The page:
A revised draft is expected to come back to the board in early 2023.

Virginia reviews its standard history curriculum for students every seven years, making this the first review since 2015. This year’s process has been particularly fraught after Youngkin issued an executive order banning “critical race theory” in schools.

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Reston Association (file photo)

Reston Association members will see a 3% increase in annual assessment dues next year.

At a meeting on Thursday (Nov. 17), RA’s Board of Directors voted to increase member fees from $740 to $763 as part of its $20.7 million budget for 2023.

The board held off higher increases in the annual fee by buying it down with $1 million in cash surplus from last year.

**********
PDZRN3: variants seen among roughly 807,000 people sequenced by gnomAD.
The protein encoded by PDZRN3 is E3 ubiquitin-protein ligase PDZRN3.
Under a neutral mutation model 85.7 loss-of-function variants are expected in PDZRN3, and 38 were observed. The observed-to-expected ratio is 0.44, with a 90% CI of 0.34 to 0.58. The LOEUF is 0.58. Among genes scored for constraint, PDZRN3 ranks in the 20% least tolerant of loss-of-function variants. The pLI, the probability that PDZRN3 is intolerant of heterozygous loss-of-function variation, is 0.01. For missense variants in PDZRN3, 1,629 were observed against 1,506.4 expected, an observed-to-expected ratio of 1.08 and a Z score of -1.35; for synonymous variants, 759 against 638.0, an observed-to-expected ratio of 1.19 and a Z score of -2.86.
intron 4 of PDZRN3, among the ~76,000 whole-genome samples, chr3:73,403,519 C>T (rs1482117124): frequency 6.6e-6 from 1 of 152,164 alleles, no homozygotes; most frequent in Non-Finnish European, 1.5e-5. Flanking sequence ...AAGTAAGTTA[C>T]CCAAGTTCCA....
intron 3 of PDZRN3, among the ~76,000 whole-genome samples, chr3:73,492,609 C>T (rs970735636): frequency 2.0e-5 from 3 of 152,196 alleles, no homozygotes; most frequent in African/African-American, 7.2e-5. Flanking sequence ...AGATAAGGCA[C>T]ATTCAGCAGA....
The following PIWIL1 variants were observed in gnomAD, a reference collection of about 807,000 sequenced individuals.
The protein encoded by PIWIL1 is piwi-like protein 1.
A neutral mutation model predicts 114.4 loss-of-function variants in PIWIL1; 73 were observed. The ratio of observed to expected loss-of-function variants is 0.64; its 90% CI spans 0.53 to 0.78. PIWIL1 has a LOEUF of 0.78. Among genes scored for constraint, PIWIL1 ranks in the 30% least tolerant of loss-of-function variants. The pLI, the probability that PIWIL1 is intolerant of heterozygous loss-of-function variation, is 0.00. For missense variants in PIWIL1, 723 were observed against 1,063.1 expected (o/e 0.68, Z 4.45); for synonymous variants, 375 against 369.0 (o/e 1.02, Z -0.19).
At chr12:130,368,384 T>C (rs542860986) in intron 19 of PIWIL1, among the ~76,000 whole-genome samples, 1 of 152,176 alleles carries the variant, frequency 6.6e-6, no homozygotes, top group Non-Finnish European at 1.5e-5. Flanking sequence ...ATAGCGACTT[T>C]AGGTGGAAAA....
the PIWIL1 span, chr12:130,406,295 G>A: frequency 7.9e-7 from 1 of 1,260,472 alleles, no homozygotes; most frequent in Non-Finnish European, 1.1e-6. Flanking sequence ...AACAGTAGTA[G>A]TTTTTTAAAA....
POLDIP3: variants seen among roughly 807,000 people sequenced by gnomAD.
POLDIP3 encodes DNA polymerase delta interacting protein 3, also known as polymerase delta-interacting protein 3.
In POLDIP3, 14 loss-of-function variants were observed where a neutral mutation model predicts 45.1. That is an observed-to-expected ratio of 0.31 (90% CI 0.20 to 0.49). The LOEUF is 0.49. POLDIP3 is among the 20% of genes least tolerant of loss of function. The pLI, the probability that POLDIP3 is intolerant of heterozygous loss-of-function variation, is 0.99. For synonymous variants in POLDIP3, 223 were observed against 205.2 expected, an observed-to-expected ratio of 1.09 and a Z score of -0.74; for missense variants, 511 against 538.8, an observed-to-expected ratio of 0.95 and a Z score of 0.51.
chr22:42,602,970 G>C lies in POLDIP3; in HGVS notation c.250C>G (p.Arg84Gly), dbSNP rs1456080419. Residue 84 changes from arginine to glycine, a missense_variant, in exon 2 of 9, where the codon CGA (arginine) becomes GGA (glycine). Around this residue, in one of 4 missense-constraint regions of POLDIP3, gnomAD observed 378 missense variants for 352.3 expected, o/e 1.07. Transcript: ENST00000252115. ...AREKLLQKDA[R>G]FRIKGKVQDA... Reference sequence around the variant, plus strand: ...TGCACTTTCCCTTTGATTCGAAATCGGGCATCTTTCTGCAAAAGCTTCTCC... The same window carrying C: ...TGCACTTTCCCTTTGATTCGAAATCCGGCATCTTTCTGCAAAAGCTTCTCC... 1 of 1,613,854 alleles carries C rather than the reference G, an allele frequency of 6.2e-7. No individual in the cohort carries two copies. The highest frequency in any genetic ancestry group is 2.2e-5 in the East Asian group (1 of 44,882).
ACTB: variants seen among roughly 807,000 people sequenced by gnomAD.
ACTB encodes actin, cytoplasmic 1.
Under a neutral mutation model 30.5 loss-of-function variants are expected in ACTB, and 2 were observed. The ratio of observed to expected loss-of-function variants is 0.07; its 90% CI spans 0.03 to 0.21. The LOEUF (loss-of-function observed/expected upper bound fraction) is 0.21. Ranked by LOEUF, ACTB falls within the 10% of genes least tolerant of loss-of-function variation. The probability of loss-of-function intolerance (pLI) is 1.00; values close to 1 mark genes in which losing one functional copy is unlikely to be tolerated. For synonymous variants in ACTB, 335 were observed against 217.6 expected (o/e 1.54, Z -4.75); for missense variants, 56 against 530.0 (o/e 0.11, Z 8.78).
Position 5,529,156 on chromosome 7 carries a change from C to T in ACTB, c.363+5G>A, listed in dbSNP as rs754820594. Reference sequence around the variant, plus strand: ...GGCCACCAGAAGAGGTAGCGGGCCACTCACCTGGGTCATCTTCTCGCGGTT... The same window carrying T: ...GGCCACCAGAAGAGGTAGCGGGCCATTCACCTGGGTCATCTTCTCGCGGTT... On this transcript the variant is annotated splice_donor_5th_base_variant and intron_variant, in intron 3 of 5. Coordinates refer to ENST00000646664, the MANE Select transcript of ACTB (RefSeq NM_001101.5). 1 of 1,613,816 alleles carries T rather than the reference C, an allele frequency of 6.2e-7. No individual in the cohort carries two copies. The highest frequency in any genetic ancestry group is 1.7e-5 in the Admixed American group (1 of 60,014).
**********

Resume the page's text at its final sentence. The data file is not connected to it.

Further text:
An attempt by board member Glenn Small to use savings from not filling current vacant positions — roughly $781,000 — failed to gain clout with the board.

The move was suggested by RA’s fiscal committee in an effort to keep the assessment from growing at “too big of a percentage,” RA CEO Mac Cummins said.

Citing conversations with RA members, Small said he was concerned about fee increases over the last 15 years, including a 69% increase in fees from 2007 to this year. He compared the increase to a 44% hike in the number of full-time staff.

“We need to find a way to stabilize and reduce assessments,” he said.

But Cummins cautioned that failing to fill some positions could have a direct operational impact on the organization and members.

The long-term outlook of fee increases is unclear, particularly when the cash surplus was utilized this year, according to board members. Assessments are due on Jan 1.

Board member Bob Petrine said he was confident that the new CEO’s initiatives will provide long-term planning and direction.